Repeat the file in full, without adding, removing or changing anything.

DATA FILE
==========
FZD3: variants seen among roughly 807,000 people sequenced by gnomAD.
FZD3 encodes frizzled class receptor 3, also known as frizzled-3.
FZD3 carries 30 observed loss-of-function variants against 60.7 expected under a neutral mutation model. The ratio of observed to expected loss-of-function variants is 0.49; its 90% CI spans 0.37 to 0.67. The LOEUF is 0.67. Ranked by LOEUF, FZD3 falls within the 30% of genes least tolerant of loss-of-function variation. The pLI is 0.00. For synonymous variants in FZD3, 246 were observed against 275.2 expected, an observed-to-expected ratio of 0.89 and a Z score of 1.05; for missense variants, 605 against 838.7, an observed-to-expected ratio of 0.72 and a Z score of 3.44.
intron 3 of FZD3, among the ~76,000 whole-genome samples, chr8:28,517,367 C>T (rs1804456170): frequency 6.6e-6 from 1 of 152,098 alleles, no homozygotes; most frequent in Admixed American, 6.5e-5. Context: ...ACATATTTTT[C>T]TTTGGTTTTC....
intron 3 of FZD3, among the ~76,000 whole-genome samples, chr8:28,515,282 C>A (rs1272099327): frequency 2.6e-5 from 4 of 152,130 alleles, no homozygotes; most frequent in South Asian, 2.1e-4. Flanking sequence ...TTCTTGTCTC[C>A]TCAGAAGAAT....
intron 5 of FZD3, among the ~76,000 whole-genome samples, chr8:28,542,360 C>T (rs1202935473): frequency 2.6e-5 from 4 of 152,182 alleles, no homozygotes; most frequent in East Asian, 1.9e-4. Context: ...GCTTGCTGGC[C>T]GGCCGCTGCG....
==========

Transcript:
FZD3: variants seen among roughly 807,000 people sequenced by gnomAD.
FZD3 encodes frizzled class receptor 3, also known as frizzled-3.
FZD3 carries 30 observed loss-of-function variants against 60.7 expected under a neutral mutation model. The ratio of observed to expected loss-of-function variants is 0.49; its 90% CI spans 0.37 to 0.67. The LOEUF is 0.67. Ranked by LOEUF, FZD3 falls within the 30% of genes least tolerant of loss-of-function variation. The pLI is 0.00. For synonymous variants in FZD3, 246 were observed against 275.2 expected, an observed-to-expected ratio of 0.89 and a Z score of 1.05; for missense variants, 605 against 838.7, an observed-to-expected ratio of 0.72 and a Z score of 3.44.
intron 3 of FZD3, among the ~76,000 whole-genome samples, chr8:28,517,367 C>T (rs1804456170): frequency 6.6e-6 from 1 of 152,098 alleles, no homozygotes; most frequent in Admixed American, 6.5e-5. Context: ...ACATATTTTT[C>T]TTTGGTTTTC....
intron 3 of FZD3, among the ~76,000 whole-genome samples, chr8:28,515,282 C>A (rs1272099327): frequency 2.6e-5 from 4 of 152,130 alleles, no homozygotes; most frequent in South Asian, 2.1e-4. Flanking sequence ...TTCTTGTCTC[C>A]TCAGAAGAAT....
intron 5 of FZD3, among the ~76,000 whole-genome samples, chr8:28,542,360 C>T (rs1202935473): frequency 2.6e-5 from 4 of 152,182 alleles, no homozygotes; most frequent in East Asian, 1.9e-4. Context: ...GCTTGCTGGC[C>T]GGCCGCTGCG....